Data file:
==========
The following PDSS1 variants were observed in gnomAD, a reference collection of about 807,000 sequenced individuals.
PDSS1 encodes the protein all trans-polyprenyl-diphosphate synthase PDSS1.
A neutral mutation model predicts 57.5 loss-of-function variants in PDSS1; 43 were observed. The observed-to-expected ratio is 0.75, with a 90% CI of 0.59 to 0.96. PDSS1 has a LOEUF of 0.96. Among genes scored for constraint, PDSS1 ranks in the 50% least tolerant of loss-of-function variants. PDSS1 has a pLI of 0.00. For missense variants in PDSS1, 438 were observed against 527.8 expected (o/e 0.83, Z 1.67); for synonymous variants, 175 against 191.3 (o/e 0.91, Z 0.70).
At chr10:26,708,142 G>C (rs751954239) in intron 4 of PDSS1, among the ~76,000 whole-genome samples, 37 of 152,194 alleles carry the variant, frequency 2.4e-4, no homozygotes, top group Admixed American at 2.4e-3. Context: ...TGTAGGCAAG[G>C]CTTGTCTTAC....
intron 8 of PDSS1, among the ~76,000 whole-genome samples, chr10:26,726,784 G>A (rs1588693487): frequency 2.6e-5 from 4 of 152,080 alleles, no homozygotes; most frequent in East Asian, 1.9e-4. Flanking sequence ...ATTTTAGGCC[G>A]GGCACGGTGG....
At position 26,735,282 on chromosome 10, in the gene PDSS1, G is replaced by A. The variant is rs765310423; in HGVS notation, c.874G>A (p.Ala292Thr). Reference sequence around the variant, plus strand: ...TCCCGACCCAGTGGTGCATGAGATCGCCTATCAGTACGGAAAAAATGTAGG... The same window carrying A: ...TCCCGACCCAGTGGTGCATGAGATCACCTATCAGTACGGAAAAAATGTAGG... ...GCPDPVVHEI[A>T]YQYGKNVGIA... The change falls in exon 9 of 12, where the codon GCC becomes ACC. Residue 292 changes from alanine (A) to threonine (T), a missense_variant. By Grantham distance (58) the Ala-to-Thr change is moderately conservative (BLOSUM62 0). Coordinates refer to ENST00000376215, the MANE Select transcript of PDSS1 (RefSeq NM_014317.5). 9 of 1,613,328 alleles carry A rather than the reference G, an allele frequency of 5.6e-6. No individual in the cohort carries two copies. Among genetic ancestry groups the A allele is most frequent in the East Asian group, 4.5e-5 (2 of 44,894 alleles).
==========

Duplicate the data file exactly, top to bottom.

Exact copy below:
The following PDSS1 variants were observed in gnomAD, a reference collection of about 807,000 sequenced individuals.
PDSS1 encodes the protein all trans-polyprenyl-diphosphate synthase PDSS1.
A neutral mutation model predicts 57.5 loss-of-function variants in PDSS1; 43 were observed. The observed-to-expected ratio is 0.75, with a 90% CI of 0.59 to 0.96. PDSS1 has a LOEUF of 0.96. Among genes scored for constraint, PDSS1 ranks in the 50% least tolerant of loss-of-function variants. PDSS1 has a pLI of 0.00. For missense variants in PDSS1, 438 were observed against 527.8 expected (o/e 0.83, Z 1.67); for synonymous variants, 175 against 191.3 (o/e 0.91, Z 0.70).
At chr10:26,708,142 G>C (rs751954239) in intron 4 of PDSS1, among the ~76,000 whole-genome samples, 37 of 152,194 alleles carry the variant, frequency 2.4e-4, no homozygotes, top group Admixed American at 2.4e-3. Context: ...TGTAGGCAAG[G>C]CTTGTCTTAC....
intron 8 of PDSS1, among the ~76,000 whole-genome samples, chr10:26,726,784 G>A (rs1588693487): frequency 2.6e-5 from 4 of 152,080 alleles, no homozygotes; most frequent in East Asian, 1.9e-4. Flanking sequence ...ATTTTAGGCC[G>A]GGCACGGTGG....
At position 26,735,282 on chromosome 10, in the gene PDSS1, G is replaced by A. The variant is rs765310423; in HGVS notation, c.874G>A (p.Ala292Thr). Reference sequence around the variant, plus strand: ...TCCCGACCCAGTGGTGCATGAGATCGCCTATCAGTACGGAAAAAATGTAGG... The same window carrying A: ...TCCCGACCCAGTGGTGCATGAGATCACCTATCAGTACGGAAAAAATGTAGG... ...GCPDPVVHEI[A>T]YQYGKNVGIA... The change falls in exon 9 of 12, where the codon GCC becomes ACC. Residue 292 changes from alanine (A) to threonine (T), a missense_variant. By Grantham distance (58) the Ala-to-Thr change is moderately conservative (BLOSUM62 0). Coordinates refer to ENST00000376215, the MANE Select transcript of PDSS1 (RefSeq NM_014317.5). 9 of 1,613,328 alleles carry A rather than the reference G, an allele frequency of 5.6e-6. No individual in the cohort carries two copies. Among genetic ancestry groups the A allele is most frequent in the East Asian group, 4.5e-5 (2 of 44,894 alleles).